My first job ended with a triumphant walk out. I threw my Safeway name badge on the ground and never returned (except to buy things later).
This was not to be a trend in my career nor was it a sign of my immature youth. It was in response to a manager who lost his temper and decided to grab me by the arm, drag me across the store and berate me in front of customers. Let’s call him Grumpy.
Grumpy had an up and down personality. He was volatile one day and gregarious the next. Research suggests that an unpredictable personality is worse than someone who’s just difficult or unfair all the time. Uncertainty is the best friend of anxiety and worry. At least with a bad tempered person, you know you’ll be unhappy.
On this particular occasion, he was grumpy because someone had been stealing all the painkillers from Aisle One. When I approached him, he was standing in the corner of the aisle on a covert operation to catch the thief red handed.
Apparently, when I interrupted the critical mission, he thought it was appropriate to drag me across the store and give me a dressing down in front of the customers. I walked away, a little shook-up and a bit angry and proceeded to go back to work.
Grumpy wandered by a few minutes later with a jovial smile. ‘False alarm’, he said.
It was only when a younger colleague joked about the incident and Grumpy’s temper, that all the lightbulbs in Aisle four went off. ‘That wasn’t right!’, said a young pre-doctor/pre-psychologist (i.e. me). The badge fell to the ground and I only ever returned to stock up on bread and milk.
Then the phone calls came through. Grumpy was terrified I’d report him to Safeway management because he was under probation for sexually harassing a female colleague at another store.
In retrospect, it may have been appropriate to report him but, like most people, you just want to move on to something new and forget the past.
The only benefit of being man handled and embarrassed was Grumpy gave me a glowing recommendation when I applied for my next job.
It would be easy to think that Grumpy was the exception. With all the managers—senior and otherwise—across the globe, true leadership is a pretty important but is hard to find. Here are a few leadership styles that I’ve observed.
Sleepy leaders are those that are essentially asleep at the wheel as the workplace and world around them changes. They are personified by the worst kind of decision—indecision. Ideas are brought to them to improve their business and they fail to see the potential. Poor performers pass under their radar and may even be promoted. The sleepy leader is uninvolved and inspires apathy from their followers.
Sneezy represents the distracted leader who becomes so preoccupied with their immediate circumstances they are as effective as someone having a sneezing fit. I remember one leader who just couldn’t sit still in a meeting to hear a briefing. He’d wander around the room, interrupt you with side stories and even massage your shoulders. I used to liken it to trying to have a discussion whilst someone is juggling and swallowing swords in front of you.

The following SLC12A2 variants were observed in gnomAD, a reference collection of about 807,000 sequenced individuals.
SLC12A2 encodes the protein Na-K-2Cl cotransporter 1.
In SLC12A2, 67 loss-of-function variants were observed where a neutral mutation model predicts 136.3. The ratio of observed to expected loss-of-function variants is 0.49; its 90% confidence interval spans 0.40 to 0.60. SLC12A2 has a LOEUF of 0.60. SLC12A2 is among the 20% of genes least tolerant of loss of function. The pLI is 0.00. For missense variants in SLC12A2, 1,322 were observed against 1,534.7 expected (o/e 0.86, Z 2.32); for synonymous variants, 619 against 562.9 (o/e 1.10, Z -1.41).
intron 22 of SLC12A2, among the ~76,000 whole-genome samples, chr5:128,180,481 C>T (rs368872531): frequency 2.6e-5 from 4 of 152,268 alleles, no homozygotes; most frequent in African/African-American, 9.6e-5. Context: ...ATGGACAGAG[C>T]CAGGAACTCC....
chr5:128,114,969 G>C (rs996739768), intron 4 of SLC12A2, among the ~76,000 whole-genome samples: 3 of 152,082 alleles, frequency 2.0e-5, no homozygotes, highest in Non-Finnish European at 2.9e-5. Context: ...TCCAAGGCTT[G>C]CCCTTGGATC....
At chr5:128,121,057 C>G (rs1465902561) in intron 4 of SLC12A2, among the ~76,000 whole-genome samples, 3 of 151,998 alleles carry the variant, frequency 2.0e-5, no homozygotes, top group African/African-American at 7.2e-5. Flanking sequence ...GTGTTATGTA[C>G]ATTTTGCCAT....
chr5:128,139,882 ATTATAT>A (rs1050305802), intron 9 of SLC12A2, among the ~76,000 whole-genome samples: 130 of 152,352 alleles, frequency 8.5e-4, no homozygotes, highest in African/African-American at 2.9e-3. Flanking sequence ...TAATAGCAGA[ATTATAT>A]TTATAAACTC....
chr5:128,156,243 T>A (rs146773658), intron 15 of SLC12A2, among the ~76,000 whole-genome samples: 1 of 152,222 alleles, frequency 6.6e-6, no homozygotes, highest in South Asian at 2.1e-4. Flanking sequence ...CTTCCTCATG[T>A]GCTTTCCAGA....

The bashful leader is simply lacking self-confidence and steel. I worked with a colleague who felt deeply uncomfortable when their manager confided in them about how they didn’t feel like they could lead. This manager would worry, feel ineffective when they made decisions and were concerned that their team didn’t respect them. Every leader has doubts, nerves, and fears. A leader should be self-aware and honest but, let’s face it, we don’t want to work for someone who doubts themselves all the time.
The dopey leader simply makes poor decisions or does not have the subject matter expertise to have an educated opinion. I recall a manager who was facilitating a workshop after a major safety incident. The manager commanded the room and started writing a list of punitive and ineffective actions on the whiteboard. They were commanding from a place of ignorance. A sensible leader needs to defer to the experts and facilitate. A dopey leader makes the decisions from a place of complete ignorance.
Everyone loves the happy leader who inspires laughter and fun in the workplace. At best, these leaders can help motivate and promote a positive culture. At worst, however, they may not always be realistic and can even side-step issues that drain their energy levels. When I worked in the public service, I observed many a happy leader worn down over time by their worried, more conservative colleagues who wanted to tackle the difficult issues. They would sometimes joke or make light of a situation as their concerned counterpart was more interested in getting an outcome than feeling good about it.
Then there’s Doc, the natural leader. They don’t necessarily have any particular characteristics that stand out other than the fact that everyone listens and follows them. Workplace psychologists have long studied the various traits, styles, motivations, and thinking that goes into a ‘Doc’.
Docs don’t worry too much but worry just enough. They’re happy enough but happiness isn’t their priority. They’ve got the smarts but rely on their peers as well. They take action and have the guts to do the job without being too overconfident.
Oh, and they usually don’t man handle their employees.